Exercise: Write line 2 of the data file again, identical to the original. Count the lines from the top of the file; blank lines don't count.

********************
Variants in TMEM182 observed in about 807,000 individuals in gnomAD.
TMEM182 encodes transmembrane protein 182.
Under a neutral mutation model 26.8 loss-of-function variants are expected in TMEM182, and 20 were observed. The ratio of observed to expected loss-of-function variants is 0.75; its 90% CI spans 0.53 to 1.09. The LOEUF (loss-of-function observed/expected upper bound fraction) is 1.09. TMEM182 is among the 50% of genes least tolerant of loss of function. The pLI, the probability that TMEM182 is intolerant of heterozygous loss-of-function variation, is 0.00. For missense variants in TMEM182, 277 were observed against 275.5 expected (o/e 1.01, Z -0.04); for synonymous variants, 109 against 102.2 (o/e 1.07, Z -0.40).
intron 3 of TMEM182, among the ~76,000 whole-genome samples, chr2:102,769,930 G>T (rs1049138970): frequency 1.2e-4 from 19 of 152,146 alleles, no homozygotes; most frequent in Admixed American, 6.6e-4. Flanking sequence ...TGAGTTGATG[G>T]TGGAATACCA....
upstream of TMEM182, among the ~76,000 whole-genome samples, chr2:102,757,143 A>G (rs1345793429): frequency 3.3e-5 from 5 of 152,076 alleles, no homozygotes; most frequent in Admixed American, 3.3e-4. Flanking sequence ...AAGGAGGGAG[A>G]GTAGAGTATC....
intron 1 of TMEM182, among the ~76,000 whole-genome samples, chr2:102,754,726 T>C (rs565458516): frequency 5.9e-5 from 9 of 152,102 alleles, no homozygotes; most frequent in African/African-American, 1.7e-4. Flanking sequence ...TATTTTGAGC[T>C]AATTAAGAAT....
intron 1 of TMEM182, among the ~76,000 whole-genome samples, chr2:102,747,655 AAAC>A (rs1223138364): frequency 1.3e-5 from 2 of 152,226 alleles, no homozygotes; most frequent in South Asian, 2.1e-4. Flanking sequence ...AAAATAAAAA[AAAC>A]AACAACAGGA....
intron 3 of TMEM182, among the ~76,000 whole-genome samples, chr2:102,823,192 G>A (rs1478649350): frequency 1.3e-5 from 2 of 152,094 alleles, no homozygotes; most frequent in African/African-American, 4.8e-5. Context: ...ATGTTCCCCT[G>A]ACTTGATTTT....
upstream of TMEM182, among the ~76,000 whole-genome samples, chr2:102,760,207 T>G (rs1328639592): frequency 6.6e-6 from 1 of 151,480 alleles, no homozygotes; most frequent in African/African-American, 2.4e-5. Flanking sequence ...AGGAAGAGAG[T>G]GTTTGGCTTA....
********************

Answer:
TMEM182 encodes transmembrane protein 182.